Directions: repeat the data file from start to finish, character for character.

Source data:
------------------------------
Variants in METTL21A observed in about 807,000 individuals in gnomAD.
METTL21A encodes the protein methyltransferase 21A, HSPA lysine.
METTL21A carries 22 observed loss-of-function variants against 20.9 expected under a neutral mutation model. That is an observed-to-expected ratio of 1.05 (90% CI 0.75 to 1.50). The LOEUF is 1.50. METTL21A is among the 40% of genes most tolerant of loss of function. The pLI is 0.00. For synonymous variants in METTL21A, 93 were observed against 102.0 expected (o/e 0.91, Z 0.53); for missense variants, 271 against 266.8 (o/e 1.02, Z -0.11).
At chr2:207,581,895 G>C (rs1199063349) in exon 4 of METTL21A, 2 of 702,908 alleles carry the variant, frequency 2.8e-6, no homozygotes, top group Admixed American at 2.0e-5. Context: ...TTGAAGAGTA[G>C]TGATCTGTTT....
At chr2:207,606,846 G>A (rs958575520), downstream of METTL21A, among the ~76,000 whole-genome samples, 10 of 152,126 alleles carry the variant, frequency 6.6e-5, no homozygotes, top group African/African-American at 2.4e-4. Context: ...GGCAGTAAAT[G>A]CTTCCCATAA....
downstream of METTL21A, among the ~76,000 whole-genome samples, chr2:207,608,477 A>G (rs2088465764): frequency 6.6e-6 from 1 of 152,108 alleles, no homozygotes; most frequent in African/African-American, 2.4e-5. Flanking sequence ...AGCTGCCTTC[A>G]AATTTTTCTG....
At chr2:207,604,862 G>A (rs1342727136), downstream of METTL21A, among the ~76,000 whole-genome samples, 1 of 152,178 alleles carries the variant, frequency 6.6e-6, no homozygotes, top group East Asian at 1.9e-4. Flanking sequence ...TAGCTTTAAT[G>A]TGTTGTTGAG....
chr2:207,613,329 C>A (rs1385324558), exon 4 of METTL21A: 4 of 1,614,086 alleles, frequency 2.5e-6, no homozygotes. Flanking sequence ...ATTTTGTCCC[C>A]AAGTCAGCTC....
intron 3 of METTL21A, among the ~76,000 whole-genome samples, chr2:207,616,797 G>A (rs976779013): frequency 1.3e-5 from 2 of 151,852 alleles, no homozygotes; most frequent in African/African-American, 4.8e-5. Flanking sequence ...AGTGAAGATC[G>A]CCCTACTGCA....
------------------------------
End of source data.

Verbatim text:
Variants in METTL21A observed in about 807,000 individuals in gnomAD.
METTL21A encodes the protein methyltransferase 21A, HSPA lysine.
METTL21A carries 22 observed loss-of-function variants against 20.9 expected under a neutral mutation model. That is an observed-to-expected ratio of 1.05 (90% CI 0.75 to 1.50). The LOEUF is 1.50. METTL21A is among the 40% of genes most tolerant of loss of function. The pLI is 0.00. For synonymous variants in METTL21A, 93 were observed against 102.0 expected (o/e 0.91, Z 0.53); for missense variants, 271 against 266.8 (o/e 1.02, Z -0.11).
At chr2:207,581,895 G>C (rs1199063349) in exon 4 of METTL21A, 2 of 702,908 alleles carry the variant, frequency 2.8e-6, no homozygotes, top group Admixed American at 2.0e-5. Context: ...TTGAAGAGTA[G>C]TGATCTGTTT....
At chr2:207,606,846 G>A (rs958575520), downstream of METTL21A, among the ~76,000 whole-genome samples, 10 of 152,126 alleles carry the variant, frequency 6.6e-5, no homozygotes, top group African/African-American at 2.4e-4. Context: ...GGCAGTAAAT[G>A]CTTCCCATAA....
downstream of METTL21A, among the ~76,000 whole-genome samples, chr2:207,608,477 A>G (rs2088465764): frequency 6.6e-6 from 1 of 152,108 alleles, no homozygotes; most frequent in African/African-American, 2.4e-5. Flanking sequence ...AGCTGCCTTC[A>G]AATTTTTCTG....
At chr2:207,604,862 G>A (rs1342727136), downstream of METTL21A, among the ~76,000 whole-genome samples, 1 of 152,178 alleles carries the variant, frequency 6.6e-6, no homozygotes, top group East Asian at 1.9e-4. Flanking sequence ...TAGCTTTAAT[G>A]TGTTGTTGAG....
chr2:207,613,329 C>A (rs1385324558), exon 4 of METTL21A: 4 of 1,614,086 alleles, frequency 2.5e-6, no homozygotes. Flanking sequence ...ATTTTGTCCC[C>A]AAGTCAGCTC....
intron 3 of METTL21A, among the ~76,000 whole-genome samples, chr2:207,616,797 G>A (rs976779013): frequency 1.3e-5 from 2 of 151,852 alleles, no homozygotes; most frequent in African/African-American, 4.8e-5. Flanking sequence ...AGTGAAGATC[G>A]CCCTACTGCA....